[Date Prev][Date Next][Thread Prev][Thread Next][Date Index][Thread Index]

Re: BGA Battle

Jeff Bodin wrote:

>I am beginning to believe that BGA is not driven by incorrect NO3 levels or
>P overkill, but by accumulation of DOCs (Dissolved Organics). My conclusions
>to this is because have been battling with BGA for several months now and
>have a situation very similar to  Roberts: No measurable P, or NO3
>"out-of-whack"  to drive the growth of the Algal/Bacteria. I too have a very
>heavily populated tank (both fish and plants).
>I was using H2O2 daily for a couple of weeks about a month ago, and although
>I never eliminated it the BGA did knock it down to almost unseeable levels.
>Plants also exploded in growth during this period, and one plant that I
>could not grown (R. Macrandra) suddenly stopped melting and took off.
>Then I went away for a couple of weeks (no H2O2 dosing). When I came back,
>the BGA was voraciously back and growing as fast (daily) as I removed it
>(and R. Macrandra started dissolving as soon as the BGA began taking off). I
>believe the H202 is working not by oxidizing the BGA, but by oxidizing the
>DOCs floating around in my tank, and maybe by increasing the re-dux (now I'm
>stretching my knowledge)......

Bluegreen algae is known to produce a number of toxins (allelochemicals),
and I am wondering if these toxins are released into the water and if they
support the BGA by damaging other plants and possibly inhibiting snails,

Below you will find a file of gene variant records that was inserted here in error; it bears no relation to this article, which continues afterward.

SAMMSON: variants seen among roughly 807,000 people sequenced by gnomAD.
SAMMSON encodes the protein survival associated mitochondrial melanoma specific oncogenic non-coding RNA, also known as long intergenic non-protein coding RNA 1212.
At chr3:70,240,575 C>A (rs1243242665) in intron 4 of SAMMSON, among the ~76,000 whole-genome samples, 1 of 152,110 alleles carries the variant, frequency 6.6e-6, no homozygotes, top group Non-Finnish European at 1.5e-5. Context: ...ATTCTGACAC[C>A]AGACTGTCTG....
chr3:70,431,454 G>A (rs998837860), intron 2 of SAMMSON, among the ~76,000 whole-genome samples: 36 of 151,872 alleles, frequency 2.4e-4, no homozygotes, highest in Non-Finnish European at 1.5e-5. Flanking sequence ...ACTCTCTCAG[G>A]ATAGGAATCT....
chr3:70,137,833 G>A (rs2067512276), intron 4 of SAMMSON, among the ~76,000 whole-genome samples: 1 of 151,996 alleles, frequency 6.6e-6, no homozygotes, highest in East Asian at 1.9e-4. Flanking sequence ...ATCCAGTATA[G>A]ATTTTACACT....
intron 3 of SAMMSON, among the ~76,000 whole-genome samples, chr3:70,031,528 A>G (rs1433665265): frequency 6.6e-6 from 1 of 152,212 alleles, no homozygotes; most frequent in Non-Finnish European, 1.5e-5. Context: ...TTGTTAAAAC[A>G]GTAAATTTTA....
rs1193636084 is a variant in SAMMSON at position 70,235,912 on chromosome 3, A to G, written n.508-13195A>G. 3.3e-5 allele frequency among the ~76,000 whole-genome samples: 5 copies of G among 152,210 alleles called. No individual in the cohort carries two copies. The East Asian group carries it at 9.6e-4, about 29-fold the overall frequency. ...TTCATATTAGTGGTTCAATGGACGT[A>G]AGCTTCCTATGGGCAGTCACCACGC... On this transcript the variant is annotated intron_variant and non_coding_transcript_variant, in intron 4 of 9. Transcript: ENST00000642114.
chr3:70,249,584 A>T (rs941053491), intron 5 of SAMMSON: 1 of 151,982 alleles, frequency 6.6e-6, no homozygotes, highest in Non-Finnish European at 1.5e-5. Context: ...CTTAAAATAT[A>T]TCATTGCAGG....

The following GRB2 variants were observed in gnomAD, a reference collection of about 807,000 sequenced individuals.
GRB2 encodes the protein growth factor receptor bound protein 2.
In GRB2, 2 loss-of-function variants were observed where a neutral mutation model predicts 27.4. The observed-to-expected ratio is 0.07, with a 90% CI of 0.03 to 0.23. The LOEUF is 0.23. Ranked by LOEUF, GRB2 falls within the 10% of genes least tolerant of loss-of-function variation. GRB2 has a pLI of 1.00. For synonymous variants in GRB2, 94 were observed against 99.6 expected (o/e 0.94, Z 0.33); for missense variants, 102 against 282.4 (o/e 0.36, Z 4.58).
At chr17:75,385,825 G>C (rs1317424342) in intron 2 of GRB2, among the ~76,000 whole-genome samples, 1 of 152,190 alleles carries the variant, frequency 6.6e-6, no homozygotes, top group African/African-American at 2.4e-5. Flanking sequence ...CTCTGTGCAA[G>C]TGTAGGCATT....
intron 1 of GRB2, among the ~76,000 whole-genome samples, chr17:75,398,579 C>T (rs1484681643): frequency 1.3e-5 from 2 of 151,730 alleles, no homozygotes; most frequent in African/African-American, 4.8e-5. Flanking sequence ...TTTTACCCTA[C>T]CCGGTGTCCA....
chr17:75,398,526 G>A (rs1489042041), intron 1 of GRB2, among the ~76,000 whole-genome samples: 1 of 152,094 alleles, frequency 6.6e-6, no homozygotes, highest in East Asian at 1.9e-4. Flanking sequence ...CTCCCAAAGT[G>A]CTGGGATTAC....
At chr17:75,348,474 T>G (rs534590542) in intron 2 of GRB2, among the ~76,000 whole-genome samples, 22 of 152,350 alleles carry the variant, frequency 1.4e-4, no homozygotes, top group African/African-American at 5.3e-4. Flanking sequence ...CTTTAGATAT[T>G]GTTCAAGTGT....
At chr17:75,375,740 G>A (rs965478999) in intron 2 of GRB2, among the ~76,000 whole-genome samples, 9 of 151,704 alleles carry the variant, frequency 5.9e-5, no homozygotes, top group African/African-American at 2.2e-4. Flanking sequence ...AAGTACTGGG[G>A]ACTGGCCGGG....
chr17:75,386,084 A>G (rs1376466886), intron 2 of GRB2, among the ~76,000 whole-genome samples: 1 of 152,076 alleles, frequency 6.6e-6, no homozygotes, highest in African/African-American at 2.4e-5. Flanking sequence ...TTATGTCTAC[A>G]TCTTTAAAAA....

small annelids, and other critters that could otherwise eat the BGA.  I
have found that if I cut off all the light, after about a week, the BGA
becomes edible by ramshorn snails, and they start eating it up, growing and
laying eggs all over the place. According to my toxin hypothesis, during
the week in the dark the BGA stops producing the toxin, and the toxin is
not persistant in the water, so it is broken down and not replaced.

Perhaps the BGA is actully producing the organics and the ogranics are
responsible for the damage to the R. Macandra.  Perhaps the H2O2 is
destroying the organics, and, without the organics, the BGA gets eaten up
or dies away from other causes.  I wonder of a UV sterilizer would destroy
the organics.  Has anyone had BGA go away or become edible by snails when
there is a UV sterilizer in operation?  I have seen this happen in one of
my tanks, and I am waiting to see if it happens in another.

Paul Krombholz, in cool, dry, central Mississippi.